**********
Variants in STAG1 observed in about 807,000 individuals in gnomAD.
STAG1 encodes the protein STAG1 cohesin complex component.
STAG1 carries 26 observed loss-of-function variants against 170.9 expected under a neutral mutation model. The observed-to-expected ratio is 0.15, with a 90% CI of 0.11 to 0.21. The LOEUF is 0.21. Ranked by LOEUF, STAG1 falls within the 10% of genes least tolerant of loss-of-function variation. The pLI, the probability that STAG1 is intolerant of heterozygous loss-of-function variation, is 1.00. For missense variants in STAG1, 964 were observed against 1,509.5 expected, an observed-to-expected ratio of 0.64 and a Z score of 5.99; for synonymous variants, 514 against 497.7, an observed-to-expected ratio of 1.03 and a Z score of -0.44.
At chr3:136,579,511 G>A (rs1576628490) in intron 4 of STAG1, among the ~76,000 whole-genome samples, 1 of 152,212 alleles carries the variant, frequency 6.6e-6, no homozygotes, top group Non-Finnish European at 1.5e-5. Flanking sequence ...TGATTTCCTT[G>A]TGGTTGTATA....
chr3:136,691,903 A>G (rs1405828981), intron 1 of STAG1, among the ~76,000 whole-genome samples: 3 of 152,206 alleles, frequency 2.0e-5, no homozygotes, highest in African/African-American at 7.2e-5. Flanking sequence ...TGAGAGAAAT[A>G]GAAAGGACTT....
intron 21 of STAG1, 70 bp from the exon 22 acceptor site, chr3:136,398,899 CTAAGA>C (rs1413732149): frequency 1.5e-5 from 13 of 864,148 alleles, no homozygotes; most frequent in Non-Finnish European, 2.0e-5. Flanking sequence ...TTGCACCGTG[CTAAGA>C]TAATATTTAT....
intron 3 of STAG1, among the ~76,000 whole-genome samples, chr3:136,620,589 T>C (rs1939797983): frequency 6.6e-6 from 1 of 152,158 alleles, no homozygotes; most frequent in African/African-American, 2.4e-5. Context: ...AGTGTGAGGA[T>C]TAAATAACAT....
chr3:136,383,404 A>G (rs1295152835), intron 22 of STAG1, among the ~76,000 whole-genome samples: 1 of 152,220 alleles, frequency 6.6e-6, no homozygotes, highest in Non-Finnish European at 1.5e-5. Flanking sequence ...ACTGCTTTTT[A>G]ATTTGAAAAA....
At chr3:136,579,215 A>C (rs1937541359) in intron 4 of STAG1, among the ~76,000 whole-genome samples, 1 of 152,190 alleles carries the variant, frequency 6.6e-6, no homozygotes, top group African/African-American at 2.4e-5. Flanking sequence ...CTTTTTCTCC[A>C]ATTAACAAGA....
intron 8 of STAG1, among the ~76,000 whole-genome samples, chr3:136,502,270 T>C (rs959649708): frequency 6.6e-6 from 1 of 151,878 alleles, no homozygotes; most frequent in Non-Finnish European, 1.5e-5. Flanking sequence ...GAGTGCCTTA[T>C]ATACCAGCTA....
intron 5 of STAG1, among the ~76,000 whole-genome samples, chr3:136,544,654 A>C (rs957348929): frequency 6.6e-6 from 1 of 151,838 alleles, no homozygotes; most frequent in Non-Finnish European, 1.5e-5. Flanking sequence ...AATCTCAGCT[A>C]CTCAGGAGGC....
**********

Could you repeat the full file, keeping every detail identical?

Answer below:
Variants in STAG1 observed in about 807,000 individuals in gnomAD.
STAG1 encodes the protein STAG1 cohesin complex component.
STAG1 carries 26 observed loss-of-function variants against 170.9 expected under a neutral mutation model. The observed-to-expected ratio is 0.15, with a 90% CI of 0.11 to 0.21. The LOEUF is 0.21. Ranked by LOEUF, STAG1 falls within the 10% of genes least tolerant of loss-of-function variation. The pLI, the probability that STAG1 is intolerant of heterozygous loss-of-function variation, is 1.00. For missense variants in STAG1, 964 were observed against 1,509.5 expected, an observed-to-expected ratio of 0.64 and a Z score of 5.99; for synonymous variants, 514 against 497.7, an observed-to-expected ratio of 1.03 and a Z score of -0.44.
At chr3:136,579,511 G>A (rs1576628490) in intron 4 of STAG1, among the ~76,000 whole-genome samples, 1 of 152,212 alleles carries the variant, frequency 6.6e-6, no homozygotes, top group Non-Finnish European at 1.5e-5. Flanking sequence ...TGATTTCCTT[G>A]TGGTTGTATA....
chr3:136,691,903 A>G (rs1405828981), intron 1 of STAG1, among the ~76,000 whole-genome samples: 3 of 152,206 alleles, frequency 2.0e-5, no homozygotes, highest in African/African-American at 7.2e-5. Flanking sequence ...TGAGAGAAAT[A>G]GAAAGGACTT....
intron 21 of STAG1, 70 bp from the exon 22 acceptor site, chr3:136,398,899 CTAAGA>C (rs1413732149): frequency 1.5e-5 from 13 of 864,148 alleles, no homozygotes; most frequent in Non-Finnish European, 2.0e-5. Flanking sequence ...TTGCACCGTG[CTAAGA>C]TAATATTTAT....
intron 3 of STAG1, among the ~76,000 whole-genome samples, chr3:136,620,589 T>C (rs1939797983): frequency 6.6e-6 from 1 of 152,158 alleles, no homozygotes; most frequent in African/African-American, 2.4e-5. Context: ...AGTGTGAGGA[T>C]TAAATAACAT....
chr3:136,383,404 A>G (rs1295152835), intron 22 of STAG1, among the ~76,000 whole-genome samples: 1 of 152,220 alleles, frequency 6.6e-6, no homozygotes, highest in Non-Finnish European at 1.5e-5. Flanking sequence ...ACTGCTTTTT[A>G]ATTTGAAAAA....
At chr3:136,579,215 A>C (rs1937541359) in intron 4 of STAG1, among the ~76,000 whole-genome samples, 1 of 152,190 alleles carries the variant, frequency 6.6e-6, no homozygotes, top group African/African-American at 2.4e-5. Flanking sequence ...CTTTTTCTCC[A>C]ATTAACAAGA....
intron 8 of STAG1, among the ~76,000 whole-genome samples, chr3:136,502,270 T>C (rs959649708): frequency 6.6e-6 from 1 of 151,878 alleles, no homozygotes; most frequent in Non-Finnish European, 1.5e-5. Flanking sequence ...GAGTGCCTTA[T>C]ATACCAGCTA....
intron 5 of STAG1, among the ~76,000 whole-genome samples, chr3:136,544,654 A>C (rs957348929): frequency 6.6e-6 from 1 of 151,838 alleles, no homozygotes; most frequent in Non-Finnish European, 1.5e-5. Flanking sequence ...AATCTCAGCT[A>C]CTCAGGAGGC....